Japan’s trial carbon-trading market is advancing, with 202 participants so far, according to Reuters.
Still, the program faces hurdles. A government survey of applicants showed that just 20 percent of the respondents said they would engage in carbon trading. About 40 percent said they didn’t know and the other 40 percent indicated no immediate plans to trade.
In a year-long period leading up to March 2008, Japan’s emissions rose 2.3 percent to a record 1.37 billion tons in CO2 equivalent, according to the article.
Japan has committed to cut emissions under the Kyoto Protocol. The island nation, the world’s fifth-biggest carbon emitter, aims to cut emissions to 1.19 billion tons annually by 2013, down 6 percent from 1990.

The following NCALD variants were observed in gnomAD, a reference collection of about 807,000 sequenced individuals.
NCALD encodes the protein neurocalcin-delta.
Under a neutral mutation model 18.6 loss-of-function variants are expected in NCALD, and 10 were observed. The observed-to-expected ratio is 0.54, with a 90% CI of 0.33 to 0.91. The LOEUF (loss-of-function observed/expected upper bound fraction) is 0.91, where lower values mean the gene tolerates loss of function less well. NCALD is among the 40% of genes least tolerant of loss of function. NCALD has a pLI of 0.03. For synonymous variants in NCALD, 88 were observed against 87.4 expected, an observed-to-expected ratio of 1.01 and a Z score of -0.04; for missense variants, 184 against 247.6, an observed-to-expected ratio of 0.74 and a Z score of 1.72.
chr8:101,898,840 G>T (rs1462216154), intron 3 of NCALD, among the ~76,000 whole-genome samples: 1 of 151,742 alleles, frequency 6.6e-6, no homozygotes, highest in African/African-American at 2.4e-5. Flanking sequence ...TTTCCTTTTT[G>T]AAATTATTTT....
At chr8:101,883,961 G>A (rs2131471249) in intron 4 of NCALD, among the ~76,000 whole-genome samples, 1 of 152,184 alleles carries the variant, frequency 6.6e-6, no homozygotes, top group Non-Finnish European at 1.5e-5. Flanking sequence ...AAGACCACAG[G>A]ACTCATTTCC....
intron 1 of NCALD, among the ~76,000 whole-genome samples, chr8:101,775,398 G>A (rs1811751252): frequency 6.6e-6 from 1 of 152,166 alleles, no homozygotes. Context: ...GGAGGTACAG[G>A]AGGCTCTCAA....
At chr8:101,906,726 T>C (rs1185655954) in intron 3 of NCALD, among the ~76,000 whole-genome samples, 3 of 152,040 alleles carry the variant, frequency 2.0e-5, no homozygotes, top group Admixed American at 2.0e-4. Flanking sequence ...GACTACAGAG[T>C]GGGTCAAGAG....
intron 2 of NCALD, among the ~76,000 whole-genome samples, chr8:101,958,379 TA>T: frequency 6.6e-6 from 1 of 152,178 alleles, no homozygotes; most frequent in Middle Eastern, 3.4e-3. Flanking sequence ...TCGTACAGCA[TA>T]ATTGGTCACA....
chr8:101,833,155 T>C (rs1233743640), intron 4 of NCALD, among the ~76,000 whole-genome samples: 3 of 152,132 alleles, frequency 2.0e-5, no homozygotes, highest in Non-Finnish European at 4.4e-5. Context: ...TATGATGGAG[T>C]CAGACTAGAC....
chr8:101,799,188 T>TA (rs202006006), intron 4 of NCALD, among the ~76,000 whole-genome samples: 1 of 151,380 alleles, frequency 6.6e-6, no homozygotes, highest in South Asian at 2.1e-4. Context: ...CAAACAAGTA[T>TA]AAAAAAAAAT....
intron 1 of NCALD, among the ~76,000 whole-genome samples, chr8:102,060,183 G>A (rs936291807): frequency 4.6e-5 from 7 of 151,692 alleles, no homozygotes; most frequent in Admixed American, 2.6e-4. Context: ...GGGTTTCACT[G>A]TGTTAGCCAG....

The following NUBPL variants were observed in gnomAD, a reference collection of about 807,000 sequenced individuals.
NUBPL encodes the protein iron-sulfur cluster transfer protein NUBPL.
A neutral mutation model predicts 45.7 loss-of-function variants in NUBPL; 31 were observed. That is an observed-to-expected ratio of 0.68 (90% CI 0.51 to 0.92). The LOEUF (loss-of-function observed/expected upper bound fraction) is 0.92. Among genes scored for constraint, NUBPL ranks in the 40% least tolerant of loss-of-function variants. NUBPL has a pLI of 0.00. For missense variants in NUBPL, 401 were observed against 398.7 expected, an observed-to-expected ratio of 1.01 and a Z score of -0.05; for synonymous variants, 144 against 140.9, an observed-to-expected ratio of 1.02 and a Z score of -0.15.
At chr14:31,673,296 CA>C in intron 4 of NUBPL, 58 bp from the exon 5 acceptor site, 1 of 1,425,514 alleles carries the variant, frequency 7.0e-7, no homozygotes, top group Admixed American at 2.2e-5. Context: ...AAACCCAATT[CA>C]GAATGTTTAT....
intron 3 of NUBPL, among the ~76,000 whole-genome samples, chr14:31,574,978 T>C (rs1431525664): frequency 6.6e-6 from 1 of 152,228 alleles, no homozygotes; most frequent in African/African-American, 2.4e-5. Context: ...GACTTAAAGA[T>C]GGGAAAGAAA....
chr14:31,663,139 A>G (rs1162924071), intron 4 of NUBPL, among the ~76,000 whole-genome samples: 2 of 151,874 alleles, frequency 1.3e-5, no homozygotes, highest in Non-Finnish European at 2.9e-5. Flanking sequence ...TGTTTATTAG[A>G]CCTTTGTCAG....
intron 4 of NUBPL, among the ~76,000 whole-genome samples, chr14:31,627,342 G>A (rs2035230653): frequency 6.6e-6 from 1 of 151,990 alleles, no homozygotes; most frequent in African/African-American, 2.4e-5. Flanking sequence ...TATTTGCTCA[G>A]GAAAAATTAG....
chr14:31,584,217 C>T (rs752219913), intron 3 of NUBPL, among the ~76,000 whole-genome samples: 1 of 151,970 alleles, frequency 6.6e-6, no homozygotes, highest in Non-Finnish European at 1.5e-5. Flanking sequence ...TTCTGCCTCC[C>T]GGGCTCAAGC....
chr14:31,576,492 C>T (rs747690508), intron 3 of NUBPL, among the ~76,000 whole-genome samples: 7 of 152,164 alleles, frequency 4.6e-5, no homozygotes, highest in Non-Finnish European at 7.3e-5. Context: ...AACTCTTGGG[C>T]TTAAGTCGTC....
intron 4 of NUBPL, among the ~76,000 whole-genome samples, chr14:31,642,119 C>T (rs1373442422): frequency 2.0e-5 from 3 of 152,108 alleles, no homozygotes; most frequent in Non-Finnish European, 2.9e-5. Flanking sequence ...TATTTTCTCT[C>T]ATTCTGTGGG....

On March 25, the Ukraine agreed to sell carbon credits to Japan. Ukraine said it would use the proceeds to buy sustainable technologies.
Japan also may buy significant carbon credits from the Czech Republic. In all, Japan intends to buy 100 million tons of credits by 2013.
Japan has been a world leader in the push to reduce carbon emissions. In February, representatives from 22 of the world’s major carbon emitting countries met in Tokyo to participate in an informal session on ways to tackle climate change.